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# President's Message: October/November 1999
David C. Nunan, President of TESOL, 1999-2000, takes a critical look at the four criteria for a profession discussed in his previous column.

TESOL Matters Vol. 9 No. 6 (December 1999/January 2000)

David C. Nunan, President of TESOL, 1999-2000

English has always been characterized by diversity -- diversity of usage, accent, terminology, and even grammaticality. This diversity hasn't always been seen as a strength. In 1965, Porter, speaking about my own regional variety, had this to say: "Wealth cannot taint it nor education undo it/It is an ineradicable and perverse accent, signal at once of the possible strengths and certifiable weaknesses of the Australian character." Other regional and national varieties have also been subjected to criticisms of one kind or another. This diversity reflects the global spread of English as the language of trade and commerce over several hundred years -- a trend that has been accelerated by globalization, the growth of technology, and the place of English at the heart of popular culture.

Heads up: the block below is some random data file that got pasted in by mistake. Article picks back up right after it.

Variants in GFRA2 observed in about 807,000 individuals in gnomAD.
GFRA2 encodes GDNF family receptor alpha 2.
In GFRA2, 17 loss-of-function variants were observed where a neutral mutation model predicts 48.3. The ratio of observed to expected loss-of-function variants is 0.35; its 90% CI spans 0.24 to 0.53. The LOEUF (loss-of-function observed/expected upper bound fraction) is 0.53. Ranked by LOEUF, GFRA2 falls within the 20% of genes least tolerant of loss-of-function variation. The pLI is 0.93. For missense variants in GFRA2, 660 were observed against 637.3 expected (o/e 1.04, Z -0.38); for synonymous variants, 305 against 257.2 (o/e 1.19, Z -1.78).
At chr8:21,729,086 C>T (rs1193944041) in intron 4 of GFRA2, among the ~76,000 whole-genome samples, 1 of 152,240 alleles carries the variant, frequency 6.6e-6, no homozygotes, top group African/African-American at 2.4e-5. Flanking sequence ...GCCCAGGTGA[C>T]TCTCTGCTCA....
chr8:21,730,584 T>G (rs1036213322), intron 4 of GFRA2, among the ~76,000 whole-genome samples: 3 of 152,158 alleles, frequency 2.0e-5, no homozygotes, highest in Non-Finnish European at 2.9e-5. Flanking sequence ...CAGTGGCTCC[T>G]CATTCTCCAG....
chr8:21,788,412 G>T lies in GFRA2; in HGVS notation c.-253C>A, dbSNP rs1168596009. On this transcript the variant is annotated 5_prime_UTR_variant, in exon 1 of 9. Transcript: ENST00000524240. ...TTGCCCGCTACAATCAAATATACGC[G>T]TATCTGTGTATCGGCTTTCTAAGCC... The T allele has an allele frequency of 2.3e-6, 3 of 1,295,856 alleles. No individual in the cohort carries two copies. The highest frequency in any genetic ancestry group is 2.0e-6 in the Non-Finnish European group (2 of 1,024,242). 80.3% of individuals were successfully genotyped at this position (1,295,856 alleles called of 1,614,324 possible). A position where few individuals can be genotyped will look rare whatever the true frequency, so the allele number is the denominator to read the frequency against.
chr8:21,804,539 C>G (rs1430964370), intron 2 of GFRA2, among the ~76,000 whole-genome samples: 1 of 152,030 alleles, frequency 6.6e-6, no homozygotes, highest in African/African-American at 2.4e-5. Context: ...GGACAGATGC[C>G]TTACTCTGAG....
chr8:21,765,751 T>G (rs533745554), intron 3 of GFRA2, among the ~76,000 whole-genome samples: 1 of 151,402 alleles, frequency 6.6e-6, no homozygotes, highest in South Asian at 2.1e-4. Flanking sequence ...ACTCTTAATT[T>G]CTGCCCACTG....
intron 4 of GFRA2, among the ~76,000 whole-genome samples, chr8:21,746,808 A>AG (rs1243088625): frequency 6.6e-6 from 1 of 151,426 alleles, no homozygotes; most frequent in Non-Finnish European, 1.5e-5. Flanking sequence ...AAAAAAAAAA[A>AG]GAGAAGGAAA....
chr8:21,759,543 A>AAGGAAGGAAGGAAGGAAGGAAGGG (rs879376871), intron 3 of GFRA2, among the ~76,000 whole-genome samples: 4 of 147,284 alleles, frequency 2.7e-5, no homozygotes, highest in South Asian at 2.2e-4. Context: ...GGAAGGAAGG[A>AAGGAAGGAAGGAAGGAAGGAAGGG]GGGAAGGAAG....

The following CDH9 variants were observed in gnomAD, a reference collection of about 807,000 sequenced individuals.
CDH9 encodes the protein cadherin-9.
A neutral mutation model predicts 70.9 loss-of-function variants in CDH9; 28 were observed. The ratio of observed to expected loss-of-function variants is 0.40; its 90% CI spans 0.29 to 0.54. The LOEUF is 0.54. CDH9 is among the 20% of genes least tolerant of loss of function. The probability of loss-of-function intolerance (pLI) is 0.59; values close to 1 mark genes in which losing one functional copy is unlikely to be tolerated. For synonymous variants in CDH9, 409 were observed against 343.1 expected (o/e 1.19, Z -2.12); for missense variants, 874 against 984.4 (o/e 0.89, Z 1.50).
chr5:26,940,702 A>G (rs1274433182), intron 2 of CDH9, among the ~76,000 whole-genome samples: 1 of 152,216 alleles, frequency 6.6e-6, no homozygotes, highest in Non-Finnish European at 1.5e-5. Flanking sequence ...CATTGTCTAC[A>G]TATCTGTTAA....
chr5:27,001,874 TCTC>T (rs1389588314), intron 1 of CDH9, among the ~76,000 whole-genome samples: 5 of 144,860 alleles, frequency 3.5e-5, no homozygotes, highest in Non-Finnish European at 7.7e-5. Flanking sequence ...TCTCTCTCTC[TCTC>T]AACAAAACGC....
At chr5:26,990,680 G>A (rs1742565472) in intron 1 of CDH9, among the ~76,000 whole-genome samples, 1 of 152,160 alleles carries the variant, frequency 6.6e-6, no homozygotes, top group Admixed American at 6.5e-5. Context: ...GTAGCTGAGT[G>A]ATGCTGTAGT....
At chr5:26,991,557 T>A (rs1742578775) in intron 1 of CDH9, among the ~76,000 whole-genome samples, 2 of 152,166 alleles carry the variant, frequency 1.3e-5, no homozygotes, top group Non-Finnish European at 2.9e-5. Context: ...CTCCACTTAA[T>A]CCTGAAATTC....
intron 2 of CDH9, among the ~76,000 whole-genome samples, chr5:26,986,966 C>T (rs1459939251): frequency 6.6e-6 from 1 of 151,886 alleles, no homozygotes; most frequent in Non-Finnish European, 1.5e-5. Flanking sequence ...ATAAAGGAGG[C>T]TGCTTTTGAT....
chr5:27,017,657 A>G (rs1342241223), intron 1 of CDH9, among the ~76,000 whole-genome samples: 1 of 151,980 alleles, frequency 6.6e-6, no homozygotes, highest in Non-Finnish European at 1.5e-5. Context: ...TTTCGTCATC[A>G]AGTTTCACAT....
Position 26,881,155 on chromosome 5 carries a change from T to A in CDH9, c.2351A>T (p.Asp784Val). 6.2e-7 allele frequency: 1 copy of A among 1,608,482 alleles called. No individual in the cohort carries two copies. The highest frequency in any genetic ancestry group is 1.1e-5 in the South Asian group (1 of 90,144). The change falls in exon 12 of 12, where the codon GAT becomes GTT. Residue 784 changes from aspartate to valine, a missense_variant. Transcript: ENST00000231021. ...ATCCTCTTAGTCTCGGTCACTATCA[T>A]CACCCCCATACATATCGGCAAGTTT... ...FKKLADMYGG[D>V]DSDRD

Despite an explosion in the growth of English as a global language, and the increasing fragmentation and differentiation of regional and international varieties of the language, some basic distinctions remain -- English as a first language (L1) is clearly different from English as a second language (L2). Or is it?

In his opening plenary at the 1999 TESOL Convention in New York, David Crystal gave an illustration of the growing uncertainty surrounding the terms first language and second language. Imagine a couple who meet and marry in Singapore, the male from a German and the woman from a Malaysian L1 background. The couple subsequently move to France for employment purposes. Eventually, they have children and raise them through the medium of English. In which contexts and for whom is English an L1, an L2, or a foreign language? What or who is a native speaker, and whose English do they use? This situation is neither fanciful nor unusual. In becoming the medium for global communication, English has detached itself from its historical roots. In the course of doing so, it has also become increasingly diversified to the point where it is possible to question the term English. World Englishes has been used for quite a few years now, and it is conceivable that the plural form Englishes will soon replace the singular English.